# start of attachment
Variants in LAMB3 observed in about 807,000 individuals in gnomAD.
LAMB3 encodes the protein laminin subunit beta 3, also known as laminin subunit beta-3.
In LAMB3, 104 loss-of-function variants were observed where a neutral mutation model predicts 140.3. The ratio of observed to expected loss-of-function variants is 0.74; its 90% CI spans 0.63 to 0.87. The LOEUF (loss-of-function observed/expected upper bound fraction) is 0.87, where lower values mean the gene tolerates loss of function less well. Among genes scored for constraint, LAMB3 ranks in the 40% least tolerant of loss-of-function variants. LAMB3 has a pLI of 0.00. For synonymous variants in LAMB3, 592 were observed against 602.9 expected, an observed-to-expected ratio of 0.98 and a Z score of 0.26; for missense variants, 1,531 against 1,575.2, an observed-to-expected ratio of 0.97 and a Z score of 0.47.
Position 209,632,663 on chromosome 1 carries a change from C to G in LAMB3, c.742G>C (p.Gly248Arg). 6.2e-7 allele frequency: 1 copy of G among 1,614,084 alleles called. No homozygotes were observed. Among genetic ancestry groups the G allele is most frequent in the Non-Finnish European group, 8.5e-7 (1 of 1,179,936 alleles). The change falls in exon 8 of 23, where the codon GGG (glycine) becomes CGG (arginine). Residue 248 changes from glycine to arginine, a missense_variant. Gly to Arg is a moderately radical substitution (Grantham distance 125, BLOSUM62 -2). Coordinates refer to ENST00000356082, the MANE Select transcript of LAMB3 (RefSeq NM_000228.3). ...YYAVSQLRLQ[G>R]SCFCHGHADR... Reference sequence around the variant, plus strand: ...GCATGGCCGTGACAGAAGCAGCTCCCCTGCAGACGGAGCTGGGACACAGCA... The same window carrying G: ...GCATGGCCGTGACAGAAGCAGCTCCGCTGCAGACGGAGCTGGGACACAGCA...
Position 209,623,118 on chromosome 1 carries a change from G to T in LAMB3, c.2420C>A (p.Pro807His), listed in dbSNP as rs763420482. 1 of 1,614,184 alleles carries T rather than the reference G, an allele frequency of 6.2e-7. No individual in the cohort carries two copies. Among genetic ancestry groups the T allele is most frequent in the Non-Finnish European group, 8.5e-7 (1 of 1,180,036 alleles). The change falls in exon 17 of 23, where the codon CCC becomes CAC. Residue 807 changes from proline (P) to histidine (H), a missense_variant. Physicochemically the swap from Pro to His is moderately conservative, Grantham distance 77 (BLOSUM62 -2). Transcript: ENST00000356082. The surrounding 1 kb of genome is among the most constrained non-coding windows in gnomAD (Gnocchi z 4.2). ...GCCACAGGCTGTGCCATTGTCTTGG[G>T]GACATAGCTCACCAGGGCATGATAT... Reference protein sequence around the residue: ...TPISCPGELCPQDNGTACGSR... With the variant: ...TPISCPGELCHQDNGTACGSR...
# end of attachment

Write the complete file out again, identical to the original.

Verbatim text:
Variants in LAMB3 observed in about 807,000 individuals in gnomAD.
LAMB3 encodes the protein laminin subunit beta 3, also known as laminin subunit beta-3.
In LAMB3, 104 loss-of-function variants were observed where a neutral mutation model predicts 140.3. The ratio of observed to expected loss-of-function variants is 0.74; its 90% CI spans 0.63 to 0.87. The LOEUF (loss-of-function observed/expected upper bound fraction) is 0.87, where lower values mean the gene tolerates loss of function less well. Among genes scored for constraint, LAMB3 ranks in the 40% least tolerant of loss-of-function variants. LAMB3 has a pLI of 0.00. For synonymous variants in LAMB3, 592 were observed against 602.9 expected, an observed-to-expected ratio of 0.98 and a Z score of 0.26; for missense variants, 1,531 against 1,575.2, an observed-to-expected ratio of 0.97 and a Z score of 0.47.
Position 209,632,663 on chromosome 1 carries a change from C to G in LAMB3, c.742G>C (p.Gly248Arg). 6.2e-7 allele frequency: 1 copy of G among 1,614,084 alleles called. No homozygotes were observed. Among genetic ancestry groups the G allele is most frequent in the Non-Finnish European group, 8.5e-7 (1 of 1,179,936 alleles). The change falls in exon 8 of 23, where the codon GGG (glycine) becomes CGG (arginine). Residue 248 changes from glycine to arginine, a missense_variant. Gly to Arg is a moderately radical substitution (Grantham distance 125, BLOSUM62 -2). Coordinates refer to ENST00000356082, the MANE Select transcript of LAMB3 (RefSeq NM_000228.3). ...YYAVSQLRLQ[G>R]SCFCHGHADR... Reference sequence around the variant, plus strand: ...GCATGGCCGTGACAGAAGCAGCTCCCCTGCAGACGGAGCTGGGACACAGCA... The same window carrying G: ...GCATGGCCGTGACAGAAGCAGCTCCGCTGCAGACGGAGCTGGGACACAGCA...
Position 209,623,118 on chromosome 1 carries a change from G to T in LAMB3, c.2420C>A (p.Pro807His), listed in dbSNP as rs763420482. 1 of 1,614,184 alleles carries T rather than the reference G, an allele frequency of 6.2e-7. No individual in the cohort carries two copies. Among genetic ancestry groups the T allele is most frequent in the Non-Finnish European group, 8.5e-7 (1 of 1,180,036 alleles). The change falls in exon 17 of 23, where the codon CCC becomes CAC. Residue 807 changes from proline (P) to histidine (H), a missense_variant. Physicochemically the swap from Pro to His is moderately conservative, Grantham distance 77 (BLOSUM62 -2). Transcript: ENST00000356082. The surrounding 1 kb of genome is among the most constrained non-coding windows in gnomAD (Gnocchi z 4.2). ...GCCACAGGCTGTGCCATTGTCTTGG[G>T]GACATAGCTCACCAGGGCATGATAT... Reference protein sequence around the residue: ...TPISCPGELCPQDNGTACGSR... With the variant: ...TPISCPGELCHQDNGTACGSR...